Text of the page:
The queue is nothing short of stunning, walking you through a number of familiar movie areas, including the herbology lab outside, the Defense Against the Dark Arts class room, Dumbledore's office, a hall with the talking paintings, and a room where the Sorting Hat gives you safety warnings. Because we didn't stop in any of these rooms at all, I thought I was missing the plot, but looking it up later, apparently the only plot is that Harry and friends are trying to sneak us muggles down to a Quiditch match. Things of course get out of control, and you get to ride one of the greatest dark rides ever conceived. It's amazing, and fairly good execution of projection and live action elements. I would've liked to have seen higher frame rates (a la the Simpsons Ride), but the resolution is awesome. Can't tell it's digital at all. The motion is exhilarating without being too intense for families. It's really an amazing achievement. The hype is completely worthy. With a bench leaving every seven seconds, capacity clocks in around 2,000 people per hour.
Of course, the entire new themed area is well executed. The sight lines are really amazing, because as you move into the area, you're completely immersed in this world. While I don't feel the new Dragons entrance matches the old one in terms of sheer awesomeness, it really does feel like you're in Hogsmeade. Diana mentioned that technically the stores make it a mix of Hogsmeade and Diagon Alley, but I'm not enough of a nerd to be bothered by that. It's still impressive. The live performances are impressive as well, and the retheme on the Vekoma roller skater is well done. It's really fantastic all around.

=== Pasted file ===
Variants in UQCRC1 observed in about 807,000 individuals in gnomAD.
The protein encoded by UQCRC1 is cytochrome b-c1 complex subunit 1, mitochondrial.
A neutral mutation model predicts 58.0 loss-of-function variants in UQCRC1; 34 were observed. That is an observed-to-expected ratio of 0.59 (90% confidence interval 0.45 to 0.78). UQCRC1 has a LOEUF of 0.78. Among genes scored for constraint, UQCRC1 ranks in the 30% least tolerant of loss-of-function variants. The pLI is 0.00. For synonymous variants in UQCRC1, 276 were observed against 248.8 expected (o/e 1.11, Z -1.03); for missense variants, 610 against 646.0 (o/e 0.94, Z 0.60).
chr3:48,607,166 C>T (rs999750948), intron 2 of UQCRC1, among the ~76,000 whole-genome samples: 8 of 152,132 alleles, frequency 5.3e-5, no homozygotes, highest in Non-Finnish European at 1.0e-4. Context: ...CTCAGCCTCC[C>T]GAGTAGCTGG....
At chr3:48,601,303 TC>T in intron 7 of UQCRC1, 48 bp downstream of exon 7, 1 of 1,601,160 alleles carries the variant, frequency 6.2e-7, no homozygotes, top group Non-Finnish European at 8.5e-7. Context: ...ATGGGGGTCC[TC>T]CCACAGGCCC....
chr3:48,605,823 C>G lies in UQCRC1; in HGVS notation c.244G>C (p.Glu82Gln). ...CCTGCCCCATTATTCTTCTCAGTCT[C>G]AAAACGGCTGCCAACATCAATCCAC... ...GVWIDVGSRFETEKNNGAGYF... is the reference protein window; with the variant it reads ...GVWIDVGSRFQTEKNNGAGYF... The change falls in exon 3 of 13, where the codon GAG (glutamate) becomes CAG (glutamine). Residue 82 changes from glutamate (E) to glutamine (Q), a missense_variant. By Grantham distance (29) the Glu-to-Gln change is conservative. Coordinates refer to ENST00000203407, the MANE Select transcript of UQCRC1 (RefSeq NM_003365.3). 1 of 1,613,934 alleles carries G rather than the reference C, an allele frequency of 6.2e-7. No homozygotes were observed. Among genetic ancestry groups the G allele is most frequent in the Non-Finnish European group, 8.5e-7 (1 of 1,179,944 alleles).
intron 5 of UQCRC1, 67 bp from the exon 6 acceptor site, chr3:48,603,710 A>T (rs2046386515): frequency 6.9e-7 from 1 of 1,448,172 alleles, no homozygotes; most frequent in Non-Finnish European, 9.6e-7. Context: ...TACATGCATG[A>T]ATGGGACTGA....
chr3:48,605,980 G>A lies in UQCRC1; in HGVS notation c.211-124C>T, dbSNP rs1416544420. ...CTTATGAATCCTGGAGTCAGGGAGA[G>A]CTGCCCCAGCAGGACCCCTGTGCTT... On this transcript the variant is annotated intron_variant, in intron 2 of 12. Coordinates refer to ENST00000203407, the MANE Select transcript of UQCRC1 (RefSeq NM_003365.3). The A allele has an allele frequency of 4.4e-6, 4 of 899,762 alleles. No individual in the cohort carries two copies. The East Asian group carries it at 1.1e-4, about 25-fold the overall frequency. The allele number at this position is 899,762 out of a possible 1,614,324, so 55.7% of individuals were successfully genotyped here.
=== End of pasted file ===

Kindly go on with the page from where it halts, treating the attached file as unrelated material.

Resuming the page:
About the butterbeer... It is in fact quite delicious, and worth the $4.25 or whatever. We went with the frozen variety, on the recommendation of the bartender in the Three Broomsticks. It's the foamy stuff on top that I really like. Also a hot tip, that's a better place to get butterbeer than on the "street," because the lines are significantly shorter.
Kara was good enough to hang out with Simon during a number of rides that Diana and I took during that day. The one I was looking forward to the most (in terms of credit whoring) was Hollywood Rip Ride Rockit over in Universal Studios. From a capacity standpoint, it's a pretty fascinating ride to watch. The moving platform is pretty brilliant in terms of getting as many people on and off as quickly as possible. I estimate it's like having a three-train station, and with the half-dozen blocks, you can send a ton of 12-passenger trains.